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Thursday, September 16, 2010

Eagle Nebula with a friend...

My good friend Carl came down and spent an evening (and part of the early morning) with me walking through the paces of setting up the telescope and camera. We had a fantastic dark night, timing couldn't have been better for Carl. We spent much of our time catching up on old times and what's new, but we were able to stay focused enough, pardon the pun, to get a couple shots in.

We chose the Eagle Nebula (M16) first, even though we new it had already passed the meridian and was headed downward toward the West. We still managed to capture a fine picture. I'll post our other shot of Alnitak and the Flame Nebula soon, just being lazy.

Sunday, September 5, 2010

Bubble Nebula, NGC 7635

One last dim target before the stormy weather sets in again. Happy to present this more improved shot of the "bubble", an emission nebula in the constellation of Cassiopeia located near star 4 Cassiopeiae and open cluster M52.

Unguided, 400 x 15 sec. JPEG frames, 100 minutes of accumulated exposure, 1600 ISO, calibrated and such, processed with DDP. No stretching.

Saturday, September 4, 2010

Eye of God

Nearly 400 exposures taken of the Helix Nebula in the constellation of Aquarius. This fascinating object is one of the closest planetary nebula to Earth, 700 light-years distant. I first heard of it on the Internet as the "Eye of God"...some silly news article. Had to check it out. Very dim, long exposures needed to detect that anything is there.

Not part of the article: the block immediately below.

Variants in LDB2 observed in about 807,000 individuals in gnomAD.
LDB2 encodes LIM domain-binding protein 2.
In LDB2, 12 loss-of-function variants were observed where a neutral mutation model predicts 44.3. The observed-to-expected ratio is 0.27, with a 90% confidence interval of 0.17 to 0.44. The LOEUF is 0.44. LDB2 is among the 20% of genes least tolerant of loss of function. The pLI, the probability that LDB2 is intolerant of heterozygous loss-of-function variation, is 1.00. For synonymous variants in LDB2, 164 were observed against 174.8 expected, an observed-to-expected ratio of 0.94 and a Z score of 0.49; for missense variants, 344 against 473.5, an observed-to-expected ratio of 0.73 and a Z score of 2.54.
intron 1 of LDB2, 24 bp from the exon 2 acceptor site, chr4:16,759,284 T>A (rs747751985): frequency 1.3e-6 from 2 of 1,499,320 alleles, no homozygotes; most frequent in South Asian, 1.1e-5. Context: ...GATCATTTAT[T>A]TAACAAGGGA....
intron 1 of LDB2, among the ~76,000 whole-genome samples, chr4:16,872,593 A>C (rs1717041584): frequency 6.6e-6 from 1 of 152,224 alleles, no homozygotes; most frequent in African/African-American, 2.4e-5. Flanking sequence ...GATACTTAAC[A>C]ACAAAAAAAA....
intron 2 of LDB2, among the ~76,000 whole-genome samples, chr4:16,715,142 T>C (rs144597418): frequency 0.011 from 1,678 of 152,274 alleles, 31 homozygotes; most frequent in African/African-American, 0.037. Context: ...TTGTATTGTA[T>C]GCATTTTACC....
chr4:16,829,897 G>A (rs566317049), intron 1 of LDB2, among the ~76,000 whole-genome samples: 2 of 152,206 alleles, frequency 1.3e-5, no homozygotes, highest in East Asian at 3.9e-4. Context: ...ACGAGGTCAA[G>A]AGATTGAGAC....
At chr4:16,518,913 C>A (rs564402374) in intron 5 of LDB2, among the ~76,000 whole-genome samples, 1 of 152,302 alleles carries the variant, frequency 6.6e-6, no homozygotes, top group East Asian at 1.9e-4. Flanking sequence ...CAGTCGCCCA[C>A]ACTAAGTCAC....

Unguided, 393 x 15 sec. JPEG frames, with DDP processing again. I've spent some time now using JPEG format to shorten and simplify the post processing. I think its given notable results. But, now that I've improved, it is probably time to work directly from RAW format. I'm sure I could do a much better job now with this new scope in pulling out detail.

Friday, September 3, 2010

...when things go wrong

Not every shoot is easy. Things go awry, amiss, or just plain foobar. Below is an example of the Wrong Thing.

Yeah, so cool. Can you guess what the target might be? Bad tracking and a lack of attention to processing detail. Weeeee. This was supposed to have been a retake of the Trifid Nebula. Ahem.

First light with AT8RC

First night out was a bit awkward, as my first target was cut short by some poor planning on my part. Had I realized before I started that the camera was going to travel right on into the tripod in just 100 or so frames, I would have just taken all the pictures on the other target. Honest, I wasn't drinking. Guess I was just a tad bit excited.

As such, 100 or so frames were certainly not enough to produce good results, but 200+ frames were just fine for a reshoot of the Pinwheel Galaxy, Messier 33 (M33).

Roughly half the diameter of our own Milky Way galaxy, M33 is a mere 3 million light years distant. Certainly nothing like "Five Million Years to Earth." This shoot was unguided, with 237 x 15 sec. JPEG frames, using a modified Canon 450D DSLR. Calibrated, stacked, DDP and unsharp mask applied using Nebulosity.

I love the improved magnification at prime focus with this scope...encourages me to go after some of the more smaller galaxies that I used to have second thoughts about.